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Qantas chief Alan Joyce quits early, amid customer fury at the airline

  • Written by Michelle Grattan, Professorial Fellow, University of Canberra

Embattled Qantas boss Alan Joyce will quit immediately, bringing forward his retirement by two months.

A Qantas statement early Tuesday said the CEO had advised the board he was doing this “to help the company accelerate its renewal[1]”.

Joyce has been under sustained attack over the airline’s poor service, high prices, and customers’ difficulty in retrieving flight credits. The Australian Competition and Consumer Commission has launched legal action against Qantas for continuing to sell tickets on flights already cancelled.

Last week Joyce was subjected to a ferocious grilling in the senate inquiry into the cost of living. Later in the week Qantas scrapped the expiry date for flight credits.

The spotlight on Qantas has intensified with the Albanese government’s refusal to let Qatar Airways have additional flights on the routes it requested – seen as a decision to protect Qantas, which lobbied against the extra flights. Some state Labor governments have urged the decision be reversed.

Qantas CEO-designate Vanessa Hudson will assume the role of Managing Director and Group CEO on Wednesday.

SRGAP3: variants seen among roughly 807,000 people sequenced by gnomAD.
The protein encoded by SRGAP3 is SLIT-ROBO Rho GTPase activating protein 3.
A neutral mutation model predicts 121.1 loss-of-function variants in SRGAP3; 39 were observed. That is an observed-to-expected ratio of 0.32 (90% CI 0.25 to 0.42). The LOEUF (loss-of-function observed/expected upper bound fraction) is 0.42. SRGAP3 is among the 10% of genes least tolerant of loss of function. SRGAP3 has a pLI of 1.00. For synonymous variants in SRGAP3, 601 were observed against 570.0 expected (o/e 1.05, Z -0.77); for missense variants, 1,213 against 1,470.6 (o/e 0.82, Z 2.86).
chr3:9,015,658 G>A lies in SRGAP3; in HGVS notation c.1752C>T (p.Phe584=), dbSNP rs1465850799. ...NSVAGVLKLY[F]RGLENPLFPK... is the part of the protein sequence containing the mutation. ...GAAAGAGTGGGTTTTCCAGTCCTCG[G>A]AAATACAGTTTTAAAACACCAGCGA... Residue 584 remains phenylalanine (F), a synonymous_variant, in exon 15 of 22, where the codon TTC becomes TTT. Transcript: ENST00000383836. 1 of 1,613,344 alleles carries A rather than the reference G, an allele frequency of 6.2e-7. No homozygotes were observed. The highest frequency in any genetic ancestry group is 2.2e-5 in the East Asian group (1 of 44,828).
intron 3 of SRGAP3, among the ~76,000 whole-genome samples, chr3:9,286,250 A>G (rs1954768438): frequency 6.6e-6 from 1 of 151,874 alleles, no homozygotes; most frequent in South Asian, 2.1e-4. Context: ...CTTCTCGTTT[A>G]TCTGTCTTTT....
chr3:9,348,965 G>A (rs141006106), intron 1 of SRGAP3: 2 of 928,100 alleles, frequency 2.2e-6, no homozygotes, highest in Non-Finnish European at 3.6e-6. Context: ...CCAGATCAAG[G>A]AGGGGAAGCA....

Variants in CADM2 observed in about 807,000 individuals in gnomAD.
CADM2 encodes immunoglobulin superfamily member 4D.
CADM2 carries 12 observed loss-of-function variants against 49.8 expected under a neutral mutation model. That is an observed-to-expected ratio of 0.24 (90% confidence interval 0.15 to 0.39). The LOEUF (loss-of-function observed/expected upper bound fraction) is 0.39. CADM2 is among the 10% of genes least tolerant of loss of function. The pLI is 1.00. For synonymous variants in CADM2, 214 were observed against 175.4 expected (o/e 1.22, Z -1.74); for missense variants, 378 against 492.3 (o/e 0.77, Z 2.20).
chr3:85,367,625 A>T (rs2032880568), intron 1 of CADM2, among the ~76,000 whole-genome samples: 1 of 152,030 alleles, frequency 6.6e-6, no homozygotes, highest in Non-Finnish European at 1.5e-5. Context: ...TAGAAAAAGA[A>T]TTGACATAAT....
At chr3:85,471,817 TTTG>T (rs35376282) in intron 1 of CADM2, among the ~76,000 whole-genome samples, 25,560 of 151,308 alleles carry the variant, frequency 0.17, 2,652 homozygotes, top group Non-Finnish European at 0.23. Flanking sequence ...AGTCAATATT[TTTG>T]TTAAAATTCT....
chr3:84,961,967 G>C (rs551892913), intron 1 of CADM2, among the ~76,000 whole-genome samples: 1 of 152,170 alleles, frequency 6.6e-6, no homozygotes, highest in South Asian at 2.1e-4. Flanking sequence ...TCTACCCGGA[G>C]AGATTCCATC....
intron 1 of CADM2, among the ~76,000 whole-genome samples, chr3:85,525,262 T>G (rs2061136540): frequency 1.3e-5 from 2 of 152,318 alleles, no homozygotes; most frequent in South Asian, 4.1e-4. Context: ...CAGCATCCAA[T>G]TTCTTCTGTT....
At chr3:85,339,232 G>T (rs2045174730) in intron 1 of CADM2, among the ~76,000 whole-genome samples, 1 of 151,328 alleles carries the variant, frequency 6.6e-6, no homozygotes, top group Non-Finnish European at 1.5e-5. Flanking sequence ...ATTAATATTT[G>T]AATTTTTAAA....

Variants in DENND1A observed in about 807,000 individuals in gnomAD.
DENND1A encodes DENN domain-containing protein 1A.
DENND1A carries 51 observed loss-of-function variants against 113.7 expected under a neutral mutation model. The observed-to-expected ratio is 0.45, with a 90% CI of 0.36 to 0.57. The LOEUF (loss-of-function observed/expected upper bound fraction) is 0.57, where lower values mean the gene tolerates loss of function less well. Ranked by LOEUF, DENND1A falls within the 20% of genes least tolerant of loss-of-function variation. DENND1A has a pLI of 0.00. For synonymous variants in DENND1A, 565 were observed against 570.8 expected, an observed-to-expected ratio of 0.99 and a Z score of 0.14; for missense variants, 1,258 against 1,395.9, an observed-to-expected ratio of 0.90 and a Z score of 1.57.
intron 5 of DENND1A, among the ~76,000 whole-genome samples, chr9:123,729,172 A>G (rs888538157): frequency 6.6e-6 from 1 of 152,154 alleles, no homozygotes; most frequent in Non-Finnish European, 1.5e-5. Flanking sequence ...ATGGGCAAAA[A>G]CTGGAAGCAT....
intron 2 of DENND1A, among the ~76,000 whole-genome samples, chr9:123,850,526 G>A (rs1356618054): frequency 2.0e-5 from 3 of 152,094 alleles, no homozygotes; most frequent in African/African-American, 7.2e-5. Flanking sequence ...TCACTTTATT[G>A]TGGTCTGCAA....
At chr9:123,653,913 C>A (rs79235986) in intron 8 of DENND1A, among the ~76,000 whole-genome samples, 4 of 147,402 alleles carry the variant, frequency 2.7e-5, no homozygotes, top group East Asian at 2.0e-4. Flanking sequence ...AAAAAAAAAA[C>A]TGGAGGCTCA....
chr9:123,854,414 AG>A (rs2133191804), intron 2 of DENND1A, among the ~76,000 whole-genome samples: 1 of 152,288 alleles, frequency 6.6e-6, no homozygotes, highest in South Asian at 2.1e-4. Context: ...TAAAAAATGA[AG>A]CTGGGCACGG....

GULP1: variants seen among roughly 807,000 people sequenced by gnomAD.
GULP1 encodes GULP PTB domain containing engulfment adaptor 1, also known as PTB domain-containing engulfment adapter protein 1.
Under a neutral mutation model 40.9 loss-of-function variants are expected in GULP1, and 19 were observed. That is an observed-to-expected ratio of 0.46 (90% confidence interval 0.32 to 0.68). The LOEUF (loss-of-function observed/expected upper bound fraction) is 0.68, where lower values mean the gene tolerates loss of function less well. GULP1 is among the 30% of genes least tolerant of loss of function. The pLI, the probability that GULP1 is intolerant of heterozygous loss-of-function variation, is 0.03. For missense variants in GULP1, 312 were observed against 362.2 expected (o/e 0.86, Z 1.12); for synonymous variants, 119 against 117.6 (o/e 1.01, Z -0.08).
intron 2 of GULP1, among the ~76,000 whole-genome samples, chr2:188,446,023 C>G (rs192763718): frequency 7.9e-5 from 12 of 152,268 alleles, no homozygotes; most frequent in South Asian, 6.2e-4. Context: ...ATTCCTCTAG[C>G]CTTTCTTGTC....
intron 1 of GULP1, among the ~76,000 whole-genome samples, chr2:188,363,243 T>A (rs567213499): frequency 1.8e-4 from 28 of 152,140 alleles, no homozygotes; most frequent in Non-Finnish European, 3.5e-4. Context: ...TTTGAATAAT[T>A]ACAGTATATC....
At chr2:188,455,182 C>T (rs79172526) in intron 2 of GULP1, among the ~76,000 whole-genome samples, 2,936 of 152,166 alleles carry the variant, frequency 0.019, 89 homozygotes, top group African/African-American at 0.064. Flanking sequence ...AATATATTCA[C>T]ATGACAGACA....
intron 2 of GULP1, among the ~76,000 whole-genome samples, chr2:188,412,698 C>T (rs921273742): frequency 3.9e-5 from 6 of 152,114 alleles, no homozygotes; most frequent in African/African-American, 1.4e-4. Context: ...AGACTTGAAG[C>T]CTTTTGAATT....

Joyce said:

In the last few weeks, the focus on Qantas and events of the past make it clear to me that the company needs to move ahead with its renewal as a priority. “The best thing I can do under these circumstances is to bring forward my retirement and hand over to Vanessa and the new management team now, knowing they will do an excellent job.

He said he left Qantas, where he has been chief executive for 15 years, with a lot to be proud of.

There have been many ups and downs, and there is clearly much work still to be done, especially to make sure we always deliver for our customers. But I leave knowing that the company is fundamentally strong and has a bright future.

Qantas Chairman Richard Goyder said: "Alan has always had the best interests of Qantas front and centre, and today shows that. On behalf of the Board, we sincerely thank him for his leadership through some enormous challenges and for thinking well-ahead on opportunities like ultra long-haul travel.”

Goyder said the transition came at “a challenging time” for the airline and for its people.

“We have an important job to do in restoring the public’s confidence in the kind of company we are, and that’s what the Board is focused on, and what the management under Vanessa’s leadership will do,” Goyder said.

On Friday Qantas notified the ASX that Joyce had been given a total of $10.8 million in shares under a COVID retention scheme and for long-term bonuses from 2020-22, which he had deferred.

Recently Joyce sold a large packet of Qantas shares.


Late Tuesday, the Coalition succeeded in getting Senate support for an inquiry into the Qatar affair. The Greens opposed the move but other crossbenchers supported it.

Read more: What will putting the interests of Qantas ahead of Qatar Airways cost? $1 billion per year and a new wave of protectionism of legacy carriers[2]

Authors: Michelle Grattan, Professorial Fellow, University of Canberra

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